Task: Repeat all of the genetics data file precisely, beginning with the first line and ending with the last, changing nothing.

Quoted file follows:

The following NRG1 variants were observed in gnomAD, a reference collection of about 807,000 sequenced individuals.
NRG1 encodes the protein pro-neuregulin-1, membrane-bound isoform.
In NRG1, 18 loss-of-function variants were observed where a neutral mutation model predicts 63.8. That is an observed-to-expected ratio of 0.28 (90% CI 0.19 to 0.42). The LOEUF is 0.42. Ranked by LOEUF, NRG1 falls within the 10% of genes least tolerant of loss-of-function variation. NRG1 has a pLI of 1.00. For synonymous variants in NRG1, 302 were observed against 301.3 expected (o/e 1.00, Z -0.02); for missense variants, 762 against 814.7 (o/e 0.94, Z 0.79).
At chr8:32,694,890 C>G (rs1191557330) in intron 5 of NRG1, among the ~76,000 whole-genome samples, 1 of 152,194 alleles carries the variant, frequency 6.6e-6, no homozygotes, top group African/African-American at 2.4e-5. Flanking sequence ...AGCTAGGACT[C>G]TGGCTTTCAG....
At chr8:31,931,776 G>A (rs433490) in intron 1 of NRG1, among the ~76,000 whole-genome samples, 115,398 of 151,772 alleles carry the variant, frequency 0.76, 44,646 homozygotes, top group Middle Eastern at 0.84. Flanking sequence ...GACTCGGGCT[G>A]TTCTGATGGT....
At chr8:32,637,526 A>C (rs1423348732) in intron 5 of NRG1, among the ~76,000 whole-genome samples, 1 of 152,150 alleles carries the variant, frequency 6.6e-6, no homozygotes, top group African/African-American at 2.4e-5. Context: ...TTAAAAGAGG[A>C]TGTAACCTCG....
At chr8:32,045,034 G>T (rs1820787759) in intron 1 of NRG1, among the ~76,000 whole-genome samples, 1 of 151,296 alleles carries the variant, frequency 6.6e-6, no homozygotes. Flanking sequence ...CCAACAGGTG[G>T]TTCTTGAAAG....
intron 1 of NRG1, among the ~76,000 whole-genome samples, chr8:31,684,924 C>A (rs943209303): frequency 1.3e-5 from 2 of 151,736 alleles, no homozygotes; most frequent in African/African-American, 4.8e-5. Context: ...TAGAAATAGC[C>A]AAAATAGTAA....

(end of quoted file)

The following NRG1 variants were observed in gnomAD, a reference collection of about 807,000 sequenced individuals.
NRG1 encodes the protein pro-neuregulin-1, membrane-bound isoform.
In NRG1, 18 loss-of-function variants were observed where a neutral mutation model predicts 63.8. That is an observed-to-expected ratio of 0.28 (90% CI 0.19 to 0.42). The LOEUF is 0.42. Ranked by LOEUF, NRG1 falls within the 10% of genes least tolerant of loss-of-function variation. NRG1 has a pLI of 1.00. For synonymous variants in NRG1, 302 were observed against 301.3 expected (o/e 1.00, Z -0.02); for missense variants, 762 against 814.7 (o/e 0.94, Z 0.79).
At chr8:32,694,890 C>G (rs1191557330) in intron 5 of NRG1, among the ~76,000 whole-genome samples, 1 of 152,194 alleles carries the variant, frequency 6.6e-6, no homozygotes, top group African/African-American at 2.4e-5. Flanking sequence ...AGCTAGGACT[C>G]TGGCTTTCAG....
At chr8:31,931,776 G>A (rs433490) in intron 1 of NRG1, among the ~76,000 whole-genome samples, 115,398 of 151,772 alleles carry the variant, frequency 0.76, 44,646 homozygotes, top group Middle Eastern at 0.84. Flanking sequence ...GACTCGGGCT[G>A]TTCTGATGGT....
At chr8:32,637,526 A>C (rs1423348732) in intron 5 of NRG1, among the ~76,000 whole-genome samples, 1 of 152,150 alleles carries the variant, frequency 6.6e-6, no homozygotes, top group African/African-American at 2.4e-5. Context: ...TTAAAAGAGG[A>C]TGTAACCTCG....
At chr8:32,045,034 G>T (rs1820787759) in intron 1 of NRG1, among the ~76,000 whole-genome samples, 1 of 151,296 alleles carries the variant, frequency 6.6e-6, no homozygotes. Flanking sequence ...CCAACAGGTG[G>T]TTCTTGAAAG....
intron 1 of NRG1, among the ~76,000 whole-genome samples, chr8:31,684,924 C>A (rs943209303): frequency 1.3e-5 from 2 of 151,736 alleles, no homozygotes; most frequent in African/African-American, 4.8e-5. Context: ...TAGAAATAGC[C>A]AAAATAGTAA....